- (tr) to haul, lift, or hoist (a weight, etc) by means of a wind or windlass
- (intr) (of a board, etc) to be warped or twisted
- (intr) archaic to proceed deviously or indirectly
- the act of winding or state of being wound
- a single turn, bend, etca wind in the river
- Also called: winding a twist in a board or plank
- (tr) poetic to blow (a note or signal) on (a horn, bugle, etc)
Word Origin and History for wound
Old English wund "hurt, injury," from Proto-Germanic *wundaz (cf. Old Saxon wunda, Old Norse und, Old Frisian wunde, Old High German wunta, German wunde "wound"), perhaps from PIE root *wen- "to beat, wound."
Old English wundian, from the source of wound (n.). Cognate with Old Frisian wundia, Middle Dutch and Dutch wonden, Old High German wunton, German verwunden, Gothic gawundon. Figurative use from c.1200. Related: Wounded; wounding.
"air in motion," Old English wind, from Proto-Germanic *wendas (cf. Old Saxon, Old Frisian, Middle Dutch, Dutch wind, Old Norse vindr, Old High German wind, German Wind, Gothic winds), from PIE *we-nt-o- "blowing," from root *we- "to blow" (cf. Sanskrit va-, Greek aemi-, Gothic waian, Old English wawan, Old High German wajan, German wehen, Old Church Slavonic vejati "to blow;" Sanskrit vatah, Avestan vata-, Hittite huwantis, Latin ventus, Old Church Slavonic vetru, Lithuanian vejas "wind;" Lithuanian vetra "tempest, storm;" Old Irish feth "air;" Welsh gwynt, Breton gwent "wind").
Normal pronunciation evolution made this word rhyme with kind and rind (Donne rhymes it with mind), but it shifted to a short vowel 18c., probably from influence of windy, where the short vowel is natural. A sad loss for poets, who now must rhyme it only with sinned and a handful of weak words. Symbolic of emptiness and vanity since late 13c.
I have forgot much, Cynara! gone with the wind. [Ernest Dowson, 1896]
Meaning "breath" is attested from late Old English; especially "breath in speaking" (early 14c.), so long-winded, also "easy or regular breathing" (early 14c.), hence second wind in the figurative sense (by 1830), an image from the sport of hunting.
Figurative phrase which way the wind blows for "the current state of affairs" is suggested from c.1400. To get wind of "receive information about" is by 1809, perhaps inspired by French avoir le vent de. To take the wind out of (one's) sails in the figurative sense (by 1883) is an image from sailing, where a ship without wind can make no progress. Wind-chill index is recorded from 1939. Wind energy from 1976. Wind vane from 1725.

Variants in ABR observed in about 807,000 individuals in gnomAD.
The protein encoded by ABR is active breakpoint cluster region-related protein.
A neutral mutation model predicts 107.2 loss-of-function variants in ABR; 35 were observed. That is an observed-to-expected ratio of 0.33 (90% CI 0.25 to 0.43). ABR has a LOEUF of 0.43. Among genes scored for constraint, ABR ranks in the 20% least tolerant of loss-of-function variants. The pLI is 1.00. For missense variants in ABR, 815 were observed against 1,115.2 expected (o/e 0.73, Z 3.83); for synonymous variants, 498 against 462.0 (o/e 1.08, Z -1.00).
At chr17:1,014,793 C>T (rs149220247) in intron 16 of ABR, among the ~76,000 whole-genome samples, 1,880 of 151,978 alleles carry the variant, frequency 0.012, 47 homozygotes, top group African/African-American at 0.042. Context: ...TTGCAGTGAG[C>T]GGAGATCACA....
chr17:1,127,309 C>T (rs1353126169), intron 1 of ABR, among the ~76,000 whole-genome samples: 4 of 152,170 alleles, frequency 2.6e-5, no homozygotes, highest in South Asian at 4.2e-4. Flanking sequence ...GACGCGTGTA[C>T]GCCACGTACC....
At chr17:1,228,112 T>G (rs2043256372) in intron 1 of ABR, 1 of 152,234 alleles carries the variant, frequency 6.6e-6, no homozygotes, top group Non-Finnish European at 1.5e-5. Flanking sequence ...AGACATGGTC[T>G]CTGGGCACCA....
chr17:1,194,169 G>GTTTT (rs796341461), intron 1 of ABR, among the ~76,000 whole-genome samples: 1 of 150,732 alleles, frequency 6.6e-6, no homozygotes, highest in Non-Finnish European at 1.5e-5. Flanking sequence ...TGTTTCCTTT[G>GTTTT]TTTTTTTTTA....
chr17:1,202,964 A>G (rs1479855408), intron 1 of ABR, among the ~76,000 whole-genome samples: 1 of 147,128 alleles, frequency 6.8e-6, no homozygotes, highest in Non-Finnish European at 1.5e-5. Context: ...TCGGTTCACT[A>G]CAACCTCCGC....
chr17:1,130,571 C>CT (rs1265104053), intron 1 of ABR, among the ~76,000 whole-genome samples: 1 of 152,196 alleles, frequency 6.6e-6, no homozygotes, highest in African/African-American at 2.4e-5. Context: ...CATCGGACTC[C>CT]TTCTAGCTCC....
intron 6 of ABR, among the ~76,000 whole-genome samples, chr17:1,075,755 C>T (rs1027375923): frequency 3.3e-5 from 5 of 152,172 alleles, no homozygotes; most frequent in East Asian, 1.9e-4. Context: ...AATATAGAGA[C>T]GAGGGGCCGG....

"move by turning and twisting," Old English windan "to turn, twist, wind" (class III strong verb; past tense wand, past participle wunden), from Proto-Germanic *wendanan (cf. Old Saxon windan, Old Norse vinda, Old Frisian winda, Dutch winden, Old High German wintan, German winden, Gothic windan "to wind"), from PIE *wendh- "to turn, wind, weave" (cf. Latin viere "twist, plait, weave," vincire "bind;" Lithuanian vyti "twist, wind").
Related to wend, which is its causative form, and to wander. Wind down "come to a conclusion" is recorded from 1952; wind up "come to a conclusion" is from 1825. Winding sheet "shroud of a corpse" is attested from early 15c.
"to perceive by scent, get wind of," early 15c., from wind (n.1). Of horns, etc., "make sound by blowing through," from 1580s. Meaning "tire, put out of breath; render temporarily breathless by a blow or punch" is from 1811, originally in pugilism. Related: Winded; winding.
"an act of winding round," 1825, from wind (v.1) . Earlier, "an apparatus for winding," late 14c., in which use perhaps from a North Sea Germanic word, e.g. Middle Dutch, Middle Low German winde "windlass."
- Injury to a part or tissue of the body, especially one caused by physical trauma and characterized by tearing, cutting, piercing, or breaking of the tissue.
- An incision.
- A current of air, especially a natural one that moves along or parallel to the ground, moving from an area of high pressure to an area of low pressure. Surface wind is measured by anemometers or its effect on objects, such as trees. The large-scale pattern of winds on Earth is governed primarily by differences in the net solar radiation received at the Earth's surface, but it is also influenced by the Earth's rotation, by the distribution of continents and oceans, by ocean currents, and by topography. On a local scale, the differences in rate of heating and cooling of land versus bodies of water greatly affect wind formation. Prevailing global winds are classified into three major belts in the Northern Hemisphere and three corresponding belts in the Southern Hemisphere. The trade winds blow generally east to west toward a low-pressure zone at the equator throughout the region from 30° north to 30° south of the equator. The westerlies blow from west to east in the temperate mid-latitude regions (from 30° to 60° north and south of the equator), and the polar easterlies blow from east to west out of high-pressure areas in the polar regions. See also Beaufort scale chinook foehn monsoon Santa Ana.
Idioms and Phrases with wound
In addition to the idioms beginning with wind